The deformation calculated using the analytical solutions for the on-axis convex deformable mirror assembly were verified using a one-fourth finite element model of the behavior of a simply supported mirror plate under a uniformly distributed annular force. In FIG. 4 is shown a comparison between the finite element model solutions and the analytical solution for the deflected profile y(r) for an M=25.4 mm diameter BK7 optical glass mirror plate with a thickness of t=3.2 mm and a center deflection of yc=13.2 μm. The BK7 glass material had a modulus of elasticity of E=82×109 Pa and a Poisson ratio of ν=0.206. An inner annular ring of radius r0=6 mm was used to push on the mirror plate. The agreement between the analytical deflected profile, calculated using Eq. (1), and the finite element model data is very good. Also shown in FIG. 4 is the analytical deflected profile using a point-like center pusher, calculated using Eq. (5). As expected, the deflection for the point push is non-parabolic and does not agree with the model data.
The usable aperture of the mirror plate can be expanded by increasing the inner pusher ring diameter. This will not affect the parabolic deflection of the mirror plate within the enclosed area, but it will increase the force required on the inner pusher ring. In FIG. 5 is shown a plot of the force needed to achieve a center deflection of yc=13.2 μm for various radii r0 of an inner circular ring pushing on M=25.4 mm diameter mirror plates of various thicknesses, calculated using Eq. (2). The force required to achieve a given center deflection increases with plate thickness and radius of the annular pusher.
The maximum deflection will determine the shortest achievable focal length of the deformable mirror. The shortest focal length is limited by the maximum tensile stress that can be applied to the mirror plate, according to Eq. (9). For BK7 glass material, the maximum tensile stress is 51.7 MPa (7500 PSI). In FIG. 6 is shown a plot the shortest focal length obtainable versus BK7 mirror plate thickness for several inner pusher radii. The achievable focal length increases (note that the focal lengths are negative) with decreasing mirror plate thickness and decreases with pusher radius, since stresses will be reduced for thinner plates and for plates pushed closer to the outer edge. For many applications, there is an optimal mirror plate thickness and pusher radius that will satisfy the optical requirements of the desired application.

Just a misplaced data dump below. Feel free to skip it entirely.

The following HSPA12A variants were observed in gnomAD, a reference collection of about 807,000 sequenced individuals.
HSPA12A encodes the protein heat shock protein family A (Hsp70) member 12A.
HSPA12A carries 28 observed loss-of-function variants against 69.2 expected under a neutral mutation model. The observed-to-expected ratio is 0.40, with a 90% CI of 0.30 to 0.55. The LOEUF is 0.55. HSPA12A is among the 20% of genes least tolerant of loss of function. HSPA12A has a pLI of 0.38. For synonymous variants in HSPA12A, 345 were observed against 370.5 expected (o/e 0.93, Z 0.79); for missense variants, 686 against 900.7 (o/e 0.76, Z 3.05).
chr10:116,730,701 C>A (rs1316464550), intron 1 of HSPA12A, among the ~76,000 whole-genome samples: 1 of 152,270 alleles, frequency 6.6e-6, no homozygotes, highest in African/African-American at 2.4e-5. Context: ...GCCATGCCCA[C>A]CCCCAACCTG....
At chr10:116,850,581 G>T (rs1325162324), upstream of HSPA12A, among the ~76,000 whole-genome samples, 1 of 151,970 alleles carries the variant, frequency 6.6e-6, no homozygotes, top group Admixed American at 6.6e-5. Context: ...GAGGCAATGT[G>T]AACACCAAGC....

A Hartman sensor was used to perform careful waveform measurements on the on-axis convex deformable mirror assembly. After taking a baseline measurement with a flat reference mirror, the deformable mirror was deformed by slowly turning a micrometer actuator at the back of the mirror assembly to obtain reflected wavefront data at various focal lengths. Measurements were performed on a 25.4 mm diameter, 1 mm thick, BK7 mirror plate with a 1054 nm reflective coating at 0°; and 25.4 mm diameter, 3.2 mm thick, BK7 mirror plate with a 1054 nm reflective coating at 0°.
Using Matlab, the data was plotted and fitted to a sphere to determine the radius R of the wavefront. In FIG. 7A is a plot of the measured reflected wavefront for an on-axis convex mirror that used the 1 mm thick mirror plate. Knowing the distance d of the wavefront sensor from the deformable mirror, the focal length f of the convex mirror was approximately f=R−d=77 cm. In FIG. 7B is shown an error plot of the same measurement, depicting the difference between measured data and fit. This saddle-like surface is typical for all the measurements taken and suggests a minor astigmatism, possibly due to machining errors in the parts or anisotropy in the materials. These errors could be reduced by requiring tighter tolerances and by carefully choosing the appropriate materials. Note that, for thin optics, a wedge in the mirror plate can have a large influence on astigmatism. Therefore, the mirror plate should preferably have a wedge angle of less than 10 arcseconds.